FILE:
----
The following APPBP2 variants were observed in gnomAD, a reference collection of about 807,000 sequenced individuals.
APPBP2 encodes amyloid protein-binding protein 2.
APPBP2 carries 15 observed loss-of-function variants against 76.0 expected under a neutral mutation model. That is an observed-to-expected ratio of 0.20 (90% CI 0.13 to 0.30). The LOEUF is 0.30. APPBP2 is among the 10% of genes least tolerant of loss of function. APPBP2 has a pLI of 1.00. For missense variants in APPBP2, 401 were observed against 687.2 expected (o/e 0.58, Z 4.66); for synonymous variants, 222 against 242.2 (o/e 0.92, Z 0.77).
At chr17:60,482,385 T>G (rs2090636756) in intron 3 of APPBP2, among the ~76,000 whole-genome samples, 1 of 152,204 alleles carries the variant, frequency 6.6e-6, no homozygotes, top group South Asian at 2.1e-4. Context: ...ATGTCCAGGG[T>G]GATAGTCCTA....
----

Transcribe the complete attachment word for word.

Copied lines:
The following APPBP2 variants were observed in gnomAD, a reference collection of about 807,000 sequenced individuals.
APPBP2 encodes amyloid protein-binding protein 2.
APPBP2 carries 15 observed loss-of-function variants against 76.0 expected under a neutral mutation model. That is an observed-to-expected ratio of 0.20 (90% CI 0.13 to 0.30). The LOEUF is 0.30. APPBP2 is among the 10% of genes least tolerant of loss of function. APPBP2 has a pLI of 1.00. For missense variants in APPBP2, 401 were observed against 687.2 expected (o/e 0.58, Z 4.66); for synonymous variants, 222 against 242.2 (o/e 0.92, Z 0.77).
At chr17:60,482,385 T>G (rs2090636756) in intron 3 of APPBP2, among the ~76,000 whole-genome samples, 1 of 152,204 alleles carries the variant, frequency 6.6e-6, no homozygotes, top group South Asian at 2.1e-4. Context: ...ATGTCCAGGG[T>G]GATAGTCCTA....